Gun Defense Attorney
Minnesota Gun Defense Attorney Thomas C Gallagher has represented people accused of a crime, including gun charges, for decades. And he is a frequent lecturer and author on gun laws, gun crime defense and criminal defense. So here, we’ll cover some basics of Minnesota gun law and criminal defense. And be sure to check out the other gun law pages here. But you can always call Attorney Thomas Gallagher with any questions.
Get to know Minnesota Gun Laws
If you’re a competitive shooter, hunter, collector, or just an occasional plinker, you know that gun laws are complex.
Is it possible to break a law on a “technicality?”
A normal person might not even know about the law. These days, it happens all the time. But gun charges can result.
If you are not sure about how to comply with the gun laws, do your best to investigate. And make sure you do comply. That way, you should never need a gun defense attorney.
To begin, “intent” is a necessary element of every crime.
Intent defense: An accident or mistake may mean that there was no “intent” to do the prohibited act.
If it is too late now to go back, and fill out that form differently; it may be possible to defend the case with an intent defense.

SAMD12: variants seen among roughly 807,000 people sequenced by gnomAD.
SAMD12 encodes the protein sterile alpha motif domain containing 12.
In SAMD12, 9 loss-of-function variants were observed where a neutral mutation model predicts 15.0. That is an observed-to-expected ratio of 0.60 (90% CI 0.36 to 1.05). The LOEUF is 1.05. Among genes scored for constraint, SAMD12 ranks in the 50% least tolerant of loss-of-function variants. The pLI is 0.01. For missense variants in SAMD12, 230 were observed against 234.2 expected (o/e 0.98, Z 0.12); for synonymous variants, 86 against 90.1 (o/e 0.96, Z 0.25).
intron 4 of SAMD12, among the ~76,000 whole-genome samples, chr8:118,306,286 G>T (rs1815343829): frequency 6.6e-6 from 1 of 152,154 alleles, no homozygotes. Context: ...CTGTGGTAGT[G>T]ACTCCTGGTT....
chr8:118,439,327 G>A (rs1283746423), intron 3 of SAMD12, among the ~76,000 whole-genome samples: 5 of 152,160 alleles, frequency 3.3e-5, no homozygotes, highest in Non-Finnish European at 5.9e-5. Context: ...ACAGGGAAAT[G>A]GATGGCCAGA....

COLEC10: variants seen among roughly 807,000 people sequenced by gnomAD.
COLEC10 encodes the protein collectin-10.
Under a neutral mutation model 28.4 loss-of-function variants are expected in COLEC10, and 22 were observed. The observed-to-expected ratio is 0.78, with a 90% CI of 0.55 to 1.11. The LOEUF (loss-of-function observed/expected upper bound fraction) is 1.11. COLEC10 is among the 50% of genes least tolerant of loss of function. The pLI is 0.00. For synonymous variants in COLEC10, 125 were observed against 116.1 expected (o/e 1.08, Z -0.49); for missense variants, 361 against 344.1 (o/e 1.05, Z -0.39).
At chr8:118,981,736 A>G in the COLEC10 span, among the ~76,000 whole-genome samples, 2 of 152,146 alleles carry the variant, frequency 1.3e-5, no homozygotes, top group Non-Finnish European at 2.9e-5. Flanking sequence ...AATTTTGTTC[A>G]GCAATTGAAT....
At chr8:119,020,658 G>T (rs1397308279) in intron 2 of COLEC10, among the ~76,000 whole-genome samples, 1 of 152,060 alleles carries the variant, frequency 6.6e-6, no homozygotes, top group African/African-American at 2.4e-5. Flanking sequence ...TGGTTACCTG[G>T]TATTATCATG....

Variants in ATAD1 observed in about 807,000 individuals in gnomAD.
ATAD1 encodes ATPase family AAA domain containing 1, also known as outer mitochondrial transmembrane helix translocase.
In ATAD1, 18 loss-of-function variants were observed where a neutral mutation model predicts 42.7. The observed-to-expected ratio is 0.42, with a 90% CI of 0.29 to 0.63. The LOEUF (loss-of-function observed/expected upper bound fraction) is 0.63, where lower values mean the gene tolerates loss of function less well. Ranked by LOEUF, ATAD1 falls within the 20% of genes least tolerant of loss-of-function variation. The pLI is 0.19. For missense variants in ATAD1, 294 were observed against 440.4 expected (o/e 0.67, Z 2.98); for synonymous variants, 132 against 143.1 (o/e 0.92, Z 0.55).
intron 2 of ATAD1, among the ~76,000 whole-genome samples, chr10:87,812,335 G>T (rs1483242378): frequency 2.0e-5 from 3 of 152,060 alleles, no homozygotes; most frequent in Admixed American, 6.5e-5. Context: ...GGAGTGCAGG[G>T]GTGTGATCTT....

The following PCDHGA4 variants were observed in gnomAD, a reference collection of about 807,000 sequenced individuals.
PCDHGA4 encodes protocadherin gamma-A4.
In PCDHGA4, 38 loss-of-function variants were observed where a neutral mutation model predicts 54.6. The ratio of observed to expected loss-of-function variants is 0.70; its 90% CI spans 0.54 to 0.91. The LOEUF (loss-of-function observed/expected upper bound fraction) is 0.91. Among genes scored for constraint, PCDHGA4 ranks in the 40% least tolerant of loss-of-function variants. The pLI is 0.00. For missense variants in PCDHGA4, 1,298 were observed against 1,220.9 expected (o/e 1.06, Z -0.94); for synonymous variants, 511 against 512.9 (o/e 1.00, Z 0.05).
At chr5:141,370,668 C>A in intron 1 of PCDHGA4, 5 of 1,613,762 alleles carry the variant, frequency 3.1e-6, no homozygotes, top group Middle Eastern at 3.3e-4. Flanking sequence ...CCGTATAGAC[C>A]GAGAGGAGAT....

If it is not too late, avoid shortcuts, be careful. And don’t put yourself at risk. Learn about Minnesota gun law so you can be safe.
Guns and firearms come up in several different contexts for gun defense attorneys.
- Criminal “regulation of gun rights.”
- Enhancement of other crimes (such as robbery) to a more severe punishment, with a gun.
- Loss of civil rights or property rights based upon criminal conviction, criminal charge or civil court order.
Regulation of Gun Rights
Numerous Federal and Minnesota State statutes seek to limit our fundamental rights to and duties of self-defense, guns and firearms. Your gun defense attorney should know them well.
These laws directly address the sale, ownership, possession, and use of firearms. And they do so in relation to the status of the person involved, as well as immediate circumstances. This web of laws includes both civil and criminal gun laws.
Gun crime defense cases Thomas Gallagher handles
False Statement on Application for Gun Purchase (misunderstood legal terms) or Permit.
Negligent Storage of Firearm (access by minor).